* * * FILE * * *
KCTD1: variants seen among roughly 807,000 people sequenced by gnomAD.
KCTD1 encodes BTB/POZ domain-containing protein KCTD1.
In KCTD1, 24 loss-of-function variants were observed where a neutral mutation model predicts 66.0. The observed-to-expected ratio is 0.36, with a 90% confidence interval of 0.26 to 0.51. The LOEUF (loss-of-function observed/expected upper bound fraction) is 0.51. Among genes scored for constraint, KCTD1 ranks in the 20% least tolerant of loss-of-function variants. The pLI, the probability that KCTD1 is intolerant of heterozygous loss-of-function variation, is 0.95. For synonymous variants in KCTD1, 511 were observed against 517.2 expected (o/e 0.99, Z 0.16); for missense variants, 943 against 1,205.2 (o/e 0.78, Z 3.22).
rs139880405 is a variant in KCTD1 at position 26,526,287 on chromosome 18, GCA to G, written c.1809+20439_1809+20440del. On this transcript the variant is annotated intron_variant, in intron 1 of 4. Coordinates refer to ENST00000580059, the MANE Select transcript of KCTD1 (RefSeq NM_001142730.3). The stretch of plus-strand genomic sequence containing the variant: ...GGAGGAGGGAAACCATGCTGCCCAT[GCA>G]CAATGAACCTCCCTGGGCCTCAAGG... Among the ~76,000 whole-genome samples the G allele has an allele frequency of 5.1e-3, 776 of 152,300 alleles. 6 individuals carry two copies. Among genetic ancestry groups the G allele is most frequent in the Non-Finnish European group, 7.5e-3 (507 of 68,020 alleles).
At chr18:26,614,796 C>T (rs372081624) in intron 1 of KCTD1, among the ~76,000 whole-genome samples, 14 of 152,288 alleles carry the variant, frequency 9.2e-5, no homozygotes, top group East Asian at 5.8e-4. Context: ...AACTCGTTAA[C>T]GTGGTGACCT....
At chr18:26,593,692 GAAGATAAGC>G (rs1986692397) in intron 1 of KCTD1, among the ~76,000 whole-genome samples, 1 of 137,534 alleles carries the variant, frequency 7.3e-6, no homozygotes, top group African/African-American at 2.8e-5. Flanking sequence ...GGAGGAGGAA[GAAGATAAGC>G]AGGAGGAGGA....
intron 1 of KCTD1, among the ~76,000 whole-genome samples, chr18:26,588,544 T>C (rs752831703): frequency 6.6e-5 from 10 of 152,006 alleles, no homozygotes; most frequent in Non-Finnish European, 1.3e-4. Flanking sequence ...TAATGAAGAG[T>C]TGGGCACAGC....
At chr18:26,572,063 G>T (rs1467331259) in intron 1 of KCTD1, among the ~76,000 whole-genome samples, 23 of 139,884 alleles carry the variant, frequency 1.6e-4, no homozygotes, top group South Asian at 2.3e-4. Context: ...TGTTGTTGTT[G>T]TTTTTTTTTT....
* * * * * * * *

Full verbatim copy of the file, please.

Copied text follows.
KCTD1: variants seen among roughly 807,000 people sequenced by gnomAD.
KCTD1 encodes BTB/POZ domain-containing protein KCTD1.
In KCTD1, 24 loss-of-function variants were observed where a neutral mutation model predicts 66.0. The observed-to-expected ratio is 0.36, with a 90% confidence interval of 0.26 to 0.51. The LOEUF (loss-of-function observed/expected upper bound fraction) is 0.51. Among genes scored for constraint, KCTD1 ranks in the 20% least tolerant of loss-of-function variants. The pLI, the probability that KCTD1 is intolerant of heterozygous loss-of-function variation, is 0.95. For synonymous variants in KCTD1, 511 were observed against 517.2 expected (o/e 0.99, Z 0.16); for missense variants, 943 against 1,205.2 (o/e 0.78, Z 3.22).
rs139880405 is a variant in KCTD1 at position 26,526,287 on chromosome 18, GCA to G, written c.1809+20439_1809+20440del. On this transcript the variant is annotated intron_variant, in intron 1 of 4. Coordinates refer to ENST00000580059, the MANE Select transcript of KCTD1 (RefSeq NM_001142730.3). The stretch of plus-strand genomic sequence containing the variant: ...GGAGGAGGGAAACCATGCTGCCCAT[GCA>G]CAATGAACCTCCCTGGGCCTCAAGG... Among the ~76,000 whole-genome samples the G allele has an allele frequency of 5.1e-3, 776 of 152,300 alleles. 6 individuals carry two copies. Among genetic ancestry groups the G allele is most frequent in the Non-Finnish European group, 7.5e-3 (507 of 68,020 alleles).
At chr18:26,614,796 C>T (rs372081624) in intron 1 of KCTD1, among the ~76,000 whole-genome samples, 14 of 152,288 alleles carry the variant, frequency 9.2e-5, no homozygotes, top group East Asian at 5.8e-4. Context: ...AACTCGTTAA[C>T]GTGGTGACCT....
At chr18:26,593,692 GAAGATAAGC>G (rs1986692397) in intron 1 of KCTD1, among the ~76,000 whole-genome samples, 1 of 137,534 alleles carries the variant, frequency 7.3e-6, no homozygotes, top group African/African-American at 2.8e-5. Flanking sequence ...GGAGGAGGAA[GAAGATAAGC>G]AGGAGGAGGA....
intron 1 of KCTD1, among the ~76,000 whole-genome samples, chr18:26,588,544 T>C (rs752831703): frequency 6.6e-5 from 10 of 152,006 alleles, no homozygotes; most frequent in Non-Finnish European, 1.3e-4. Flanking sequence ...TAATGAAGAG[T>C]TGGGCACAGC....
At chr18:26,572,063 G>T (rs1467331259) in intron 1 of KCTD1, among the ~76,000 whole-genome samples, 23 of 139,884 alleles carry the variant, frequency 1.6e-4, no homozygotes, top group South Asian at 2.3e-4. Context: ...TGTTGTTGTT[G>T]TTTTTTTTTT....